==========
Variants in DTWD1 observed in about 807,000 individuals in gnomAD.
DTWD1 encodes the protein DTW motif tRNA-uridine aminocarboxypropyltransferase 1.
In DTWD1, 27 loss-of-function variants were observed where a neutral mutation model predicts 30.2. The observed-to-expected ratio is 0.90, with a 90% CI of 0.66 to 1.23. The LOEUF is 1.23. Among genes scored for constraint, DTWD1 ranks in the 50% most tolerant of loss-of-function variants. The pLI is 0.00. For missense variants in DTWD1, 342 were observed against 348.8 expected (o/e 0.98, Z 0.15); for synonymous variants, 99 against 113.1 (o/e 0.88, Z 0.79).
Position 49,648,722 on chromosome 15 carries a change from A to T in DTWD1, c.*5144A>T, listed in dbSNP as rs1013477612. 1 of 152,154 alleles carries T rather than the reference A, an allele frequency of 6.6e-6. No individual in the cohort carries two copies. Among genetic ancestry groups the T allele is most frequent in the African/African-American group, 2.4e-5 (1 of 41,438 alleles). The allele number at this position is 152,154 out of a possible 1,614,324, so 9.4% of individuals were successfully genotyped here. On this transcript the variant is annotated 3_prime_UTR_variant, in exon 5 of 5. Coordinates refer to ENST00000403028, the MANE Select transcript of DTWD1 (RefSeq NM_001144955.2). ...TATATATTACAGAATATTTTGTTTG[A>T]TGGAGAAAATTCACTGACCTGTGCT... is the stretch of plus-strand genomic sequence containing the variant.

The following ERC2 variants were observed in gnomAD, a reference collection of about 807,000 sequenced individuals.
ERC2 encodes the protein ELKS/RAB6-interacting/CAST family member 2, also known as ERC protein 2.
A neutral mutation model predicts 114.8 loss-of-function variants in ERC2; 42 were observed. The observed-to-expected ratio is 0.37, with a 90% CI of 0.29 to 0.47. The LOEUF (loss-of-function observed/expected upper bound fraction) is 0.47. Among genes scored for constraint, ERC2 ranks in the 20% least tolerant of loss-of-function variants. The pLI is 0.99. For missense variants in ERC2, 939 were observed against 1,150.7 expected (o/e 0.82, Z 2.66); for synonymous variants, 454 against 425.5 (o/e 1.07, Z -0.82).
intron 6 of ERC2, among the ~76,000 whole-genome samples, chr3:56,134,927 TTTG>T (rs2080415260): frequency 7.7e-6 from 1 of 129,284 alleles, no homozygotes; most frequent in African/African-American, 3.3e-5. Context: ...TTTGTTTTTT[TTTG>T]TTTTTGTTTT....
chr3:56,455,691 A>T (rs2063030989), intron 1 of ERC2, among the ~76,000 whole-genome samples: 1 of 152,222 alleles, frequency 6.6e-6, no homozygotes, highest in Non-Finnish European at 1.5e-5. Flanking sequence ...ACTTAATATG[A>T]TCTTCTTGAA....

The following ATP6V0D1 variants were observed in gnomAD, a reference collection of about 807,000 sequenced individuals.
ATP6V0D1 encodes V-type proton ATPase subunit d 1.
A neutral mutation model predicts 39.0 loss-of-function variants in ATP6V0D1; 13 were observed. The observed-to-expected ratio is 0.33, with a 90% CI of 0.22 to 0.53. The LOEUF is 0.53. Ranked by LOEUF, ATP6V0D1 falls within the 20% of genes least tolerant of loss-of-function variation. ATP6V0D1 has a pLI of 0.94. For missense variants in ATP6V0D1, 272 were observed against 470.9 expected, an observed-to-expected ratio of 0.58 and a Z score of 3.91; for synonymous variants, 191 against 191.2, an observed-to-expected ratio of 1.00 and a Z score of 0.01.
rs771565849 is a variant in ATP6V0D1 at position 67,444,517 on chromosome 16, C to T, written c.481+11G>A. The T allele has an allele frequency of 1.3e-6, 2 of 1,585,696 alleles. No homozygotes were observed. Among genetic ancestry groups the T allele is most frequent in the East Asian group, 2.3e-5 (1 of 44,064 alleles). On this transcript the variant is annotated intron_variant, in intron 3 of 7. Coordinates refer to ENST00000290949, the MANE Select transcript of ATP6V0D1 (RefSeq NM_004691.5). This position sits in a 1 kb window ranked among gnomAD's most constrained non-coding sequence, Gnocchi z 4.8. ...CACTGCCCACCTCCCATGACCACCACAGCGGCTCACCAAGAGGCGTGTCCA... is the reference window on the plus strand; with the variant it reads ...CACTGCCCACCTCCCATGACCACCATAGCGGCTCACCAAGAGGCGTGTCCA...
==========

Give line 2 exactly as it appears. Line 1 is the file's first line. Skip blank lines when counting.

DTWD1 encodes the protein DTW motif tRNA-uridine aminocarboxypropyltransferase 1.